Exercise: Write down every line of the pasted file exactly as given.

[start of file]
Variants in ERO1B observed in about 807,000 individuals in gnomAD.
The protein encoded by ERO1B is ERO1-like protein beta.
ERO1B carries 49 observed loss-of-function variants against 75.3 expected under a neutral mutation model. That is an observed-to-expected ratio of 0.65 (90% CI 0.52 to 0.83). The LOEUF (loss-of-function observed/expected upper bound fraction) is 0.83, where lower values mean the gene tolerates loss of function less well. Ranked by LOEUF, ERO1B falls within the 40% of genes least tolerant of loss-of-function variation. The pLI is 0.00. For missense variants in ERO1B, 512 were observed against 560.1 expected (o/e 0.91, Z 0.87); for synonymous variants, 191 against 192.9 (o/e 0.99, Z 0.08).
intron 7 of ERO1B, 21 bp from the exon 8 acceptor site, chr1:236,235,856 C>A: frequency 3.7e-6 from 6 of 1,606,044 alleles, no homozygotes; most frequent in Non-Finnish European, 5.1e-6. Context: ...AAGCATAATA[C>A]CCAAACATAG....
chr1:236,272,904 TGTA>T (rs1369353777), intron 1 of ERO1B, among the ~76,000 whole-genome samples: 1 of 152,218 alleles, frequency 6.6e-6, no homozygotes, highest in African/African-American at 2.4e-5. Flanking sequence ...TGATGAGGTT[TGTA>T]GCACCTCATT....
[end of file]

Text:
Variants in ERO1B observed in about 807,000 individuals in gnomAD.
The protein encoded by ERO1B is ERO1-like protein beta.
ERO1B carries 49 observed loss-of-function variants against 75.3 expected under a neutral mutation model. That is an observed-to-expected ratio of 0.65 (90% CI 0.52 to 0.83). The LOEUF (loss-of-function observed/expected upper bound fraction) is 0.83, where lower values mean the gene tolerates loss of function less well. Ranked by LOEUF, ERO1B falls within the 40% of genes least tolerant of loss-of-function variation. The pLI is 0.00. For missense variants in ERO1B, 512 were observed against 560.1 expected (o/e 0.91, Z 0.87); for synonymous variants, 191 against 192.9 (o/e 0.99, Z 0.08).
intron 7 of ERO1B, 21 bp from the exon 8 acceptor site, chr1:236,235,856 C>A: frequency 3.7e-6 from 6 of 1,606,044 alleles, no homozygotes; most frequent in Non-Finnish European, 5.1e-6. Context: ...AAGCATAATA[C>A]CCAAACATAG....
chr1:236,272,904 TGTA>T (rs1369353777), intron 1 of ERO1B, among the ~76,000 whole-genome samples: 1 of 152,218 alleles, frequency 6.6e-6, no homozygotes, highest in African/African-American at 2.4e-5. Flanking sequence ...TGATGAGGTT[TGTA>T]GCACCTCATT....